Wednesday, October 2, 2013

Night time running

For those of us on Northern Hemisphere daylight is becoming a more scarce resource.  Besides a reduction of Vitamin D* we are also now visually impaired and not easily seen by others. Gotta stay safe: Need to see and be seen.  Buying a lighting system is the type of purchase you want to get right the first time.  Nothing is more expensive than buying something that you never use.  Two reasons for lighting:
  • Light your way
    • Night Trail Running: There are typically no street lights on trails.  Looking for a lighting system with more than 100 Lumens is a safe rule.  
    • Black Diamond 80-100 Lumens
      Headlamps are a good solution. They leave your hands free and only cast light where you're looking.  They can be inconvenient if you're used to wearing a hat, and the pressure on the forehead can take some getting used to.  It would be nice if they were lined with a Richard Simmons terrycloth head band - alas, there always seems to be some plastic digging in to your forehead. 

    • Night Road Running: In the presence of some street lighting and possible traffic, it's more important to be seen by others.  For this you'll need a handheld flashlight that you can point low, looking for road hazards and curbs and not blinding drivers or other pedestrians. A handheld is also appropriate for encountering other nighttime runners in populated areas.  The major benefit of handheld is that they allow you to avert your lighting without having to avert your gaze.  Another secret...keep one eye closed when around a car's headlights (and don't look directly into the headlights - no brainer?), this keeps the pupil in the closed eye big for better night vision later ;)
  • Be seen by others
In the presence of nighttime traffic (even dusk), wearing reflective clothing and carrying battery powered glowsticks and blinking red lights all help you be more visible to the half-blind drivers out there.  Quote from Evaluation of Reflective Vest Options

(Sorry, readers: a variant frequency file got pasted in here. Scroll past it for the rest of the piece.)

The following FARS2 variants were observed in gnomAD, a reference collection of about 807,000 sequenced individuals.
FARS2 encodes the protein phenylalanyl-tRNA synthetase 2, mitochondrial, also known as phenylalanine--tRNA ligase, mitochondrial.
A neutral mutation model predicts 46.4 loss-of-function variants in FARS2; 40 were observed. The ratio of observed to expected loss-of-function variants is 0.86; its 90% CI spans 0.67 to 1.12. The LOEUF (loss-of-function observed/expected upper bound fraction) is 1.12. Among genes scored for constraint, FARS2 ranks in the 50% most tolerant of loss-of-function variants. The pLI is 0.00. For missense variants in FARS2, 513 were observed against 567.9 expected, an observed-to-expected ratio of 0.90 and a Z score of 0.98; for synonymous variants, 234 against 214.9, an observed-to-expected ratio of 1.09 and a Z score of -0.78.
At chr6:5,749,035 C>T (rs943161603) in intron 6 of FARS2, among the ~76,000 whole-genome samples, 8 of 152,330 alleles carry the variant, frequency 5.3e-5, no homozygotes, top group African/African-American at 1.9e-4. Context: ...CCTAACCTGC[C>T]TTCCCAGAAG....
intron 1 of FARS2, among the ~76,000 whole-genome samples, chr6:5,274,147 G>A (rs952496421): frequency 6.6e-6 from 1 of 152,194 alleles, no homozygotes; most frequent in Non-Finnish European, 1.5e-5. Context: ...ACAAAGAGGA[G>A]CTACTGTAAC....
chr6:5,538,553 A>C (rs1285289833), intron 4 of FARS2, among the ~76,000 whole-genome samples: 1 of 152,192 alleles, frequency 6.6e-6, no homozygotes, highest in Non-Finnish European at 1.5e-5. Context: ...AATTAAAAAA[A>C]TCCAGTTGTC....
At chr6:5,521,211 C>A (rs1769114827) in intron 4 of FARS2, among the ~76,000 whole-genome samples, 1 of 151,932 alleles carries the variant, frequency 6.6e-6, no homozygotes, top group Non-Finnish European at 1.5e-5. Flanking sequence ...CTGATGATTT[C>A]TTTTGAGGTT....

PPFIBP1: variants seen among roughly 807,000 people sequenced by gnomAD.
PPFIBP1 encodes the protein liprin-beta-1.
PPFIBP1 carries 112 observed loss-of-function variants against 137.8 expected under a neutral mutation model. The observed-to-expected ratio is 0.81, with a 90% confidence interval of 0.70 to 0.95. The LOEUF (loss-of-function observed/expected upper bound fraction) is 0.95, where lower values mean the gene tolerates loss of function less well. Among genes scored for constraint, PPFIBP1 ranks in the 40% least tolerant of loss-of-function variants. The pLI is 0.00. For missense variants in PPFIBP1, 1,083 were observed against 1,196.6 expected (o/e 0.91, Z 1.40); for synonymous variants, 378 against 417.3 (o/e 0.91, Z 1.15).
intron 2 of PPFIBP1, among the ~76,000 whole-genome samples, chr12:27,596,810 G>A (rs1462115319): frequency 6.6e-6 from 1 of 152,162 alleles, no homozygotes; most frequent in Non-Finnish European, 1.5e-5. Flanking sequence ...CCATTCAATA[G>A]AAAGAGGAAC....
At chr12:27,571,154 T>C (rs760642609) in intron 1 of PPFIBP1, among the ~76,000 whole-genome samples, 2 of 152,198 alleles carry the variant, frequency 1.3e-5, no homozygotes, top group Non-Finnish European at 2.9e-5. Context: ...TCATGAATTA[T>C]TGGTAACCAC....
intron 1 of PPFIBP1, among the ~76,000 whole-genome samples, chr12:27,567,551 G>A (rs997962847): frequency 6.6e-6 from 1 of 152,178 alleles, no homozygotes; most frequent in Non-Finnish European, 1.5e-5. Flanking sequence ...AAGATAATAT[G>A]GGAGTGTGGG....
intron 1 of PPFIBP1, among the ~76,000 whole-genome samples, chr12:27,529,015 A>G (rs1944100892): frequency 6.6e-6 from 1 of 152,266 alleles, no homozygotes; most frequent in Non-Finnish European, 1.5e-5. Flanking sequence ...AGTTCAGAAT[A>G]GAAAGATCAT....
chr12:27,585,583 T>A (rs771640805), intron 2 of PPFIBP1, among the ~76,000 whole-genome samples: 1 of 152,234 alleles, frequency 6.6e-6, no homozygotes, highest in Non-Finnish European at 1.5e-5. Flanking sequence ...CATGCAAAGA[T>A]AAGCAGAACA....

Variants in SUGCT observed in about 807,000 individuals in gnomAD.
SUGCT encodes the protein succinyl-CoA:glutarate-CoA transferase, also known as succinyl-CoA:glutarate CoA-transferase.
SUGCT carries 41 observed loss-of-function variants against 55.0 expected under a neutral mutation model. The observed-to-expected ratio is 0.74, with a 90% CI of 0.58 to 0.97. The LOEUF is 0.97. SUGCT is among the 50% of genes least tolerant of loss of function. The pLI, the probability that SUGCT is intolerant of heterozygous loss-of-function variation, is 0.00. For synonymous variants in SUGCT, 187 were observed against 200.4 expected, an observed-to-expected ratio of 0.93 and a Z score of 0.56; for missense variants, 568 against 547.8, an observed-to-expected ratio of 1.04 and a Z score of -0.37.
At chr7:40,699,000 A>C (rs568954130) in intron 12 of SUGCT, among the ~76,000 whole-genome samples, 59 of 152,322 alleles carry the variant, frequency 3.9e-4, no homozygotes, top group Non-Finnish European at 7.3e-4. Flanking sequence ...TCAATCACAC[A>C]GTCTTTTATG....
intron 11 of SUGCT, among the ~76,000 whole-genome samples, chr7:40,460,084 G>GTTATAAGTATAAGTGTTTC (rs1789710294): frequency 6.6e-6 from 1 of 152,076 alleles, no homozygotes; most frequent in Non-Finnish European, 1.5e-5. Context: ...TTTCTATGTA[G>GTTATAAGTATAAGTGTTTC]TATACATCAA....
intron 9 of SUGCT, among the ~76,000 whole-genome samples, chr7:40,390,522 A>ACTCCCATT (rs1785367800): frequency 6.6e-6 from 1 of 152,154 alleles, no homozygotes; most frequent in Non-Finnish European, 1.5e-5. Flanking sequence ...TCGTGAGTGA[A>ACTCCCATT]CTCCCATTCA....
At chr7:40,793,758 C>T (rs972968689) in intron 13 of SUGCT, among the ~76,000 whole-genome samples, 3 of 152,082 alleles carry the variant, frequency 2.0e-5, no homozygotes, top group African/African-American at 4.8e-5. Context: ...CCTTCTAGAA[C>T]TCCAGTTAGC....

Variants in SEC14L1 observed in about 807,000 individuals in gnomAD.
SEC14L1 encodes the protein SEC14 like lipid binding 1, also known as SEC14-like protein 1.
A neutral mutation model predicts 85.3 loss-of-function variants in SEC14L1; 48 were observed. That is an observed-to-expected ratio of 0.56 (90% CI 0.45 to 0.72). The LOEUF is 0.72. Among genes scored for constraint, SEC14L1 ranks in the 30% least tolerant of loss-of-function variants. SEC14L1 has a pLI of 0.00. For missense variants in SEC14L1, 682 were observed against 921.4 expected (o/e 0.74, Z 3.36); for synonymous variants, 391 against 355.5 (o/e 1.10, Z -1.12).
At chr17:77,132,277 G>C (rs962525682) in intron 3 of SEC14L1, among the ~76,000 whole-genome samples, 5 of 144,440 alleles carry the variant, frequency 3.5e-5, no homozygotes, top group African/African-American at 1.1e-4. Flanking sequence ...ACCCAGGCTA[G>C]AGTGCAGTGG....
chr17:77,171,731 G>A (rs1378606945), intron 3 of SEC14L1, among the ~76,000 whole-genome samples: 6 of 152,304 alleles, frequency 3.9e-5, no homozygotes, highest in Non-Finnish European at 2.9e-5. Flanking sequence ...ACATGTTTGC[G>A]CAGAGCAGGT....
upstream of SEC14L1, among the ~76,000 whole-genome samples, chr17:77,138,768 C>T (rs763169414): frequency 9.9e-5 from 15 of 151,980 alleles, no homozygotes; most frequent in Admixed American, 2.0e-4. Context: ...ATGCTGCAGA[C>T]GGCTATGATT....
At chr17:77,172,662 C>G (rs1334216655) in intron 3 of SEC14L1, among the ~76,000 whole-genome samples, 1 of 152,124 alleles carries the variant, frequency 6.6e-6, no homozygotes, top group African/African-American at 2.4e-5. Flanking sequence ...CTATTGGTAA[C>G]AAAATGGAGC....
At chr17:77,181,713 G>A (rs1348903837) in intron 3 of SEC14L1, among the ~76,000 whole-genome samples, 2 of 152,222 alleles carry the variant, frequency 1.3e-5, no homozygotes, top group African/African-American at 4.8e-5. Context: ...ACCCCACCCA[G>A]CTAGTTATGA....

"Research on human perception (in motor vehicles) finds that drivers must first notice, and then identify, an object (in or near the roadway) in order to react to it (Beck2  2005, and Ashton 2007). Police uniforms are typically dark colored and even more difficult to see at night. The white shirt common among higher ranked officers does not add to their visibility in low light or nighttime conditions. Beck, citing research conducted in 1984, notes a driver at 30 miles per hour (mph) detects a subject in dark clothing at approximately 70 feet (giving the subject approximately 1.5 seconds to react). If the speed is 55 mph, the reaction time was under one second. Similar research by the University of Michigan Transportation Research Institute (as cited by Ashton 2007) concluded that in a simulated work zone, a driver detected a person in non-reflective clothing at 125 feet while they detected an individual in reflective clothing at 891 feet."

7 times further reaction distance is the difference between reflective and non-reflective clothing.  That's pretty good odds for a low cost inVESTment.  One ebay search shows as low as $5 could protect you.  Search here.

Flashlight with a pivot-able head

Selecting a headlamp or flashlight (or as I do it, one each): Think about battery replacement (rechargeable or not), comfort, lighting-power, and ergonomics. When using a flashlight, the angle of your hand is important. Over time, pointing a flashlight can be an uncomfortable if you need to maintain an unnatural wrist angle. Knuckle lights, or an aim-able flashlight head can make things more comfortable.
Knuckle lights

My solution, I wear a headlamp that has a blinking red light in the back and carry a stronger handheld. Because I'm a nerd I chose a 'programmable' flashlight.  I can get it to blink fast to remind me to do pickups at time intervals, or blink slow to remind me to turn around and run home.  If you're the type to think a programmable flashlight may be fun, here's an example of one:
Be safe.  Buy quality stuff!  Torches would be more paleo (and more fun for the pyros among us), but it just makes your neighbors a little suspicious.  I'd love to hear what your lighting solutions are, what worked, and what did NOT work.

**The way to NOT be vitamin D* deficient (or A,E,K,etc) is high cholesterol diet rich in fats. Lead a fat burning lifestyle to get the most bang for your food buck.